IMF chief says hopes for loan deal with Egypt

WASHINGTON Thu Apr 18, 2013 12:49pm EDT

1 of 2. Christine Lagarde, Managing Director of the International Monetary Fund (IMF), takes her seat as she arrives for her opening news conference at the start of the IMF /World Bank Spring Meetings in Washington, April 18, 2013. Lagarde will be questioned by a French magistrate in May over an arbitration payment made to a supporter of former President Nicolas Sarkozy, Lagarde said on Thursday.

Credit: Reuters/Jim Bourg

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WASHINGTON (Reuters) - The head of the International Monetary Fund said on Thursday more work is needed to conclude loan talks with Egypt but expressed hope that a deal can be struck.

An IMF mission left Cairo on Tuesday after 12 days of talks without an agreement on a proposed $4.8 billion loan needed to ease a deepening economic crisis in the Arab state.

Further talks between the IMF and Egypt's top finance officials are expected in Washington this week on the sidelines of IMF and World Bank meetings.

"We have not concluded yet, and there is clearly more work to be done, more numbers to be aligned, and worked on," IMF Managing Director Christine Lagarde told a news conference. "I very much hope that we can succeed. I very much hope that we do, because the country is exposed to vulnerabilities."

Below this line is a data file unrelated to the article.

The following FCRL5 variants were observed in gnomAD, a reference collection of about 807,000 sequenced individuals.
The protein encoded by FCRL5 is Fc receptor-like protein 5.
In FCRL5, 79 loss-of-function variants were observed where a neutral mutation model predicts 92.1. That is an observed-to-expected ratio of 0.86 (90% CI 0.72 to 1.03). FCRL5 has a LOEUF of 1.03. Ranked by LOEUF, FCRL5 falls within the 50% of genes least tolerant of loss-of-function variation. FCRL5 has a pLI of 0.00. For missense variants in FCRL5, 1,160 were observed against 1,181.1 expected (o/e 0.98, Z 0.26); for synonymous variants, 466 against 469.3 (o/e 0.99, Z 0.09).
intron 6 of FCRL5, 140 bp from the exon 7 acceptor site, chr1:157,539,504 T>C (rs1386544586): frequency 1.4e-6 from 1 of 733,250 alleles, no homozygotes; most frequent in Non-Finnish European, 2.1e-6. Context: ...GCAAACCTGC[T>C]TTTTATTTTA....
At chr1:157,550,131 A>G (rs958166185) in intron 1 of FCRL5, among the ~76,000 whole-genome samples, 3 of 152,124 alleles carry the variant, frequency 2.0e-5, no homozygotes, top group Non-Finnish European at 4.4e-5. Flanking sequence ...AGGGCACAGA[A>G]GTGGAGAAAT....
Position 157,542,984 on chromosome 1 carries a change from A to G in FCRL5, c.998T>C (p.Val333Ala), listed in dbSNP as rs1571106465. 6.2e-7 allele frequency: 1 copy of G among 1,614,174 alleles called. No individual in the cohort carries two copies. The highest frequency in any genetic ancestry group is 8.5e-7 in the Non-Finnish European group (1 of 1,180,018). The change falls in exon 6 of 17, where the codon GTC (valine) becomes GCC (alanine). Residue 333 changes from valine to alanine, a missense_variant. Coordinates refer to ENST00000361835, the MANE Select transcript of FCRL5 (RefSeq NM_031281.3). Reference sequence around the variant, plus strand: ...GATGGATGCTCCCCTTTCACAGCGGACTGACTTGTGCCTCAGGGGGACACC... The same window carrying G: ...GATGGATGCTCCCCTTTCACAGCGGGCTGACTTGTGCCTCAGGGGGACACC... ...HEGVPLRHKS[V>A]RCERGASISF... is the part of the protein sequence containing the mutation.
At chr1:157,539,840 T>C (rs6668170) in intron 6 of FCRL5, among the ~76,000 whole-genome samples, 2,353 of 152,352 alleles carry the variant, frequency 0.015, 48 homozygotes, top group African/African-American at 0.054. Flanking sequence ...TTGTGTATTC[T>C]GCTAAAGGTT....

Egypt reached a deal with the IMF in November but postponed its ratification later because of unrest in Cairo. Negotiations resumed after Egypt submitted updated economic data to the IMF.

"We have gone back to the drawing board. We have been working with the Egyptian authorities, a team was on the ground until a few days ago," Lagarde added.

She said while Egypt's economy is growing, the pace of growth could be higher if the economy stabilizes.

Egypt's finance officials will continue talks with the IMF during the Washington meetings. An IMF deal will help to shore up confidence in the economy, unlocking up to $15 billion in much-needed aid and investment.

Egypt secured $5 billion in stopgap financing from Arab allies Qatar and Libya last week. But the IMF deal is critical for restoring confidence and winning investment.

(Reporting by Lesley Wroughton and Jason Lange; Editing by Chizu Nomiyama)

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